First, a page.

Instead, I have a whale rib hanging from my ceiling and a small fan plugged into the wall adjacent to it. This is where I will hang the beans to dry for the next month. A small desk fan I’ve set up near the beans is turned on to circulate the air around the beans so that they don’t mold, especially since I have them drying out of the sunlight.

My cats are fascinated by the hanging beans at first. And then, like with all things (excluding shoelaces and paper bags), they grow bored and ease back into the jaded, lazy bums that I love so much.

After a couple of weeks, the beans are dry enough so that I can turn off the fan and let them dry for another week or two. Now’s the time to decide whether to put them in storage (a paper bag works well) or to cook some up. Of course I’ve decided to do both!

Most people will say to soak the beans overnight after you’ve washed them. They also will tell you to add salt after you’ve cooked them and both of these ideas I don’t necessarily disagree with. However, I sometimes suck at following instructions.

What I did, instead, was take about 2 cups of dried shucky beans (or 1 string of them) and rinsed them off. Next, I brought 2 quarts of water to a boil and then added 2 teaspoons of salt. Next, I added the shucky beans and let that boil for approximately 10 minutes, stirring occasionally.

While the shucky beans were boiling, I heated a slow cooker (or Crock pot, or whatever you want to call it) on high with half a cup of water already in it. After boiling the beans for 10 minutes, I removed them from the heat, let it cool for a few minutes, and then added everything, plus a country ham hock, to the Crock pot.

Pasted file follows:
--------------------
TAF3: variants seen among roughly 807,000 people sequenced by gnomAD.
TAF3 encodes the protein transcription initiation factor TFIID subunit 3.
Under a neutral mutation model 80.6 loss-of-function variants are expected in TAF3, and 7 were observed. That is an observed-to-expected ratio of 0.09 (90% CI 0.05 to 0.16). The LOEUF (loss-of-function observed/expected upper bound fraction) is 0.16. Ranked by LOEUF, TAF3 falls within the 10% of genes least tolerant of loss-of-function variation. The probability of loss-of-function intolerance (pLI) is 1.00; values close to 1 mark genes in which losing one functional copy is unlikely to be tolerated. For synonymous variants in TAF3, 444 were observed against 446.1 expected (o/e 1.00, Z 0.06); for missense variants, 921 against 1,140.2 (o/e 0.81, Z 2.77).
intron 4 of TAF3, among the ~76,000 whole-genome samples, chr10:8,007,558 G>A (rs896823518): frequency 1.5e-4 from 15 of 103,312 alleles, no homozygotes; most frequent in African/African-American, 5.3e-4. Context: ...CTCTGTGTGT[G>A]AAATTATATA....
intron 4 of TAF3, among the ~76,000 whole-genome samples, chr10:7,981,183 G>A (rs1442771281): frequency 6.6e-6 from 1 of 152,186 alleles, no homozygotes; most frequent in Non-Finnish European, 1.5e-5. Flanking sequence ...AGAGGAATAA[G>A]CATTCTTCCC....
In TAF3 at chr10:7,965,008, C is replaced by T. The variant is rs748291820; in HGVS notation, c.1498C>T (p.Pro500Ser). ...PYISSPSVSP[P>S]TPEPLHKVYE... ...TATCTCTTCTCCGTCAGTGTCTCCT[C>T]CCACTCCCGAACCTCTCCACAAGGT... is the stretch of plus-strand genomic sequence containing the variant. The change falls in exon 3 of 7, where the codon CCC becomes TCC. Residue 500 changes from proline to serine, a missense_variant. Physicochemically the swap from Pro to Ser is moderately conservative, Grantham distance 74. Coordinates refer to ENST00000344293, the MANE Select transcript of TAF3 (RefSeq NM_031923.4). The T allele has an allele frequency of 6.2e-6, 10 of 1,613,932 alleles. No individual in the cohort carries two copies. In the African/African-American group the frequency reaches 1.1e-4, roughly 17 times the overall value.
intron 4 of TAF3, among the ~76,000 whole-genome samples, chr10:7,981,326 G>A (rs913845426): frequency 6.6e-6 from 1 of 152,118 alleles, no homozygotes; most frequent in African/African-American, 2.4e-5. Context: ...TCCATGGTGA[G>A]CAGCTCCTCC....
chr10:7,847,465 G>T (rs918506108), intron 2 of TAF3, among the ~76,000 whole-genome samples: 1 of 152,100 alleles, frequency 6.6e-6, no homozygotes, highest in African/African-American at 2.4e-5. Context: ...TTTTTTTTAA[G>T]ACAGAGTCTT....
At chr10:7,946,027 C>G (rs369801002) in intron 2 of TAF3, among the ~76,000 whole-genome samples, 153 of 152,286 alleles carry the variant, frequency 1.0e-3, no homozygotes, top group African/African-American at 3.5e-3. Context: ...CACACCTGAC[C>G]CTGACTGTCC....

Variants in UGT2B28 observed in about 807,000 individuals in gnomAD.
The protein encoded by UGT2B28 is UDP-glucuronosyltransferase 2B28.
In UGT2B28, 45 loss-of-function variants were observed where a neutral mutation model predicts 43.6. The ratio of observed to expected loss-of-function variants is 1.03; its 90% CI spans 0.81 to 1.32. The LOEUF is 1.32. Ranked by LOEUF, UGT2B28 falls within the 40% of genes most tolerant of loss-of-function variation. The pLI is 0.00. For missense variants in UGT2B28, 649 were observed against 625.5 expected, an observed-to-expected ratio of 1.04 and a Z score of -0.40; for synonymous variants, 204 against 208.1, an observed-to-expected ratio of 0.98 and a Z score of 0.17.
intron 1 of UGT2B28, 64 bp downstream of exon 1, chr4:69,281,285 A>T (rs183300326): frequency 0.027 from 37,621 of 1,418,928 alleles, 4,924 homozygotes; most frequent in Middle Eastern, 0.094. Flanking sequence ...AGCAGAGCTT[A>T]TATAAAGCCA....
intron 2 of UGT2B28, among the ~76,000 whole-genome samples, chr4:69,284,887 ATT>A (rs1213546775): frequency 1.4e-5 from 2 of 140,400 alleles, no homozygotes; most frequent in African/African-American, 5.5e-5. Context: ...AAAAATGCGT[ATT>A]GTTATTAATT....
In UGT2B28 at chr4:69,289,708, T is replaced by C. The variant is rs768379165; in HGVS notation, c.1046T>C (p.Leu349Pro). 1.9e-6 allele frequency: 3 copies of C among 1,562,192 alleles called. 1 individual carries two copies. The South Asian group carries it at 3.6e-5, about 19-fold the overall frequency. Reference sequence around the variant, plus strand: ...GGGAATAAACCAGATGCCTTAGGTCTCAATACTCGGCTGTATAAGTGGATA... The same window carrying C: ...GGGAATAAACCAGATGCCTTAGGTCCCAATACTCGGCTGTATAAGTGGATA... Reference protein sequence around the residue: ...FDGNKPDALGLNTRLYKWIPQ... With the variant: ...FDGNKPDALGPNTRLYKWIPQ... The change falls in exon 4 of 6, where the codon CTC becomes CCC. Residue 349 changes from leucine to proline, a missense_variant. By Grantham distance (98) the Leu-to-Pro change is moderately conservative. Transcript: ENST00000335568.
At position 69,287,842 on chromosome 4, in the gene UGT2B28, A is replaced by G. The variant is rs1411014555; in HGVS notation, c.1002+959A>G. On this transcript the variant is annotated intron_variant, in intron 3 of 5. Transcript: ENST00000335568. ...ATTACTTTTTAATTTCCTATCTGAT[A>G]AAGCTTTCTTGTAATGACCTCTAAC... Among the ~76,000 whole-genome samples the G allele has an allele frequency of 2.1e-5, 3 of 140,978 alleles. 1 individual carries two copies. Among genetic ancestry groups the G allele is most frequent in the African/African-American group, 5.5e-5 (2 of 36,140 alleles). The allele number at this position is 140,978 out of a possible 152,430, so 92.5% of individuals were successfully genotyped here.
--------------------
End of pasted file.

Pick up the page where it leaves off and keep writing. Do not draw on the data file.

Once covered, I left it alone to cook on high for 6 hours.

After 6 hours of cooking, the beans were tender and rich. They, along with the meat on the ham hock, were soft, tender and rich, as was the broth they cooked in. Perhaps it was the cured flavor of the ham coming through, but everything had a strong umami flavor. Drying the beans really does concentrate the bean flavor while also allowing the slow cooking process to work its magic.

Using a slotted spoon, I removed the beans from the broth onto a plate. The broth I ended up taking to work the next day for lunch. I flaked off the meat from the hock to garnish the beans and that was it – no seasoning necessary.

Of course, what better to go with a side of shucky beans than a sliced fried Country Ham and a freshly made buttermilk biscuit?

I’m not one to toot my own horn (or am I?), but I’m pretty sure Bruce and I were the only two souls in this city of 750,000 to have a plate of shucky beans, country ham, and biscuits that night. That’s pretty presumptuous - sure - but I also know this town pretty well, and this type of cuisine and the people who'd serve it aren’t very common here.

And there’s a certain mix of feeling both special and lonely while enjoying a meal like this – a conflicted feeling.

But perhaps I’m just complicating things again.

It’s not that complicated.



Anonymous Anonymous said...

You've gone TOO far. That was just too much work to get to the end result of string beans, ham and biscuit. I do imagine it was a rich complicated flavor for a bean, but Whew! Fans running, stringing them, hanging, curing, etc etc. woops. I gotta go, we have pickles to make. Hah.

9:29 AM  
Blogger Chubbypanda said...

Freakin' awesome. I love it.

Animal supervision is a must when cooking. One of my cats will always tell me when I've forgotten to peel a clove of garlic. As with your's, supervision seems to also involve gentle nagging about the litter box.

3:08 PM  
Anonymous Anonymous said...

Great Blog! I've added you to the blog roll.

Any chance you'd consider setting up and RSS feed?

4:44 AM  
Blogger Dive said...

Hmmm. I thought it was set up for RSS?

Anyway, Thanks Rev!

By the way, I found Romano beans for sale at the Alemany Farmers Market for $1/pound last weekend.

9:24 AM  
Blogger Ed Bruske said...

Truly an eye-opener. Great job

7:22 AM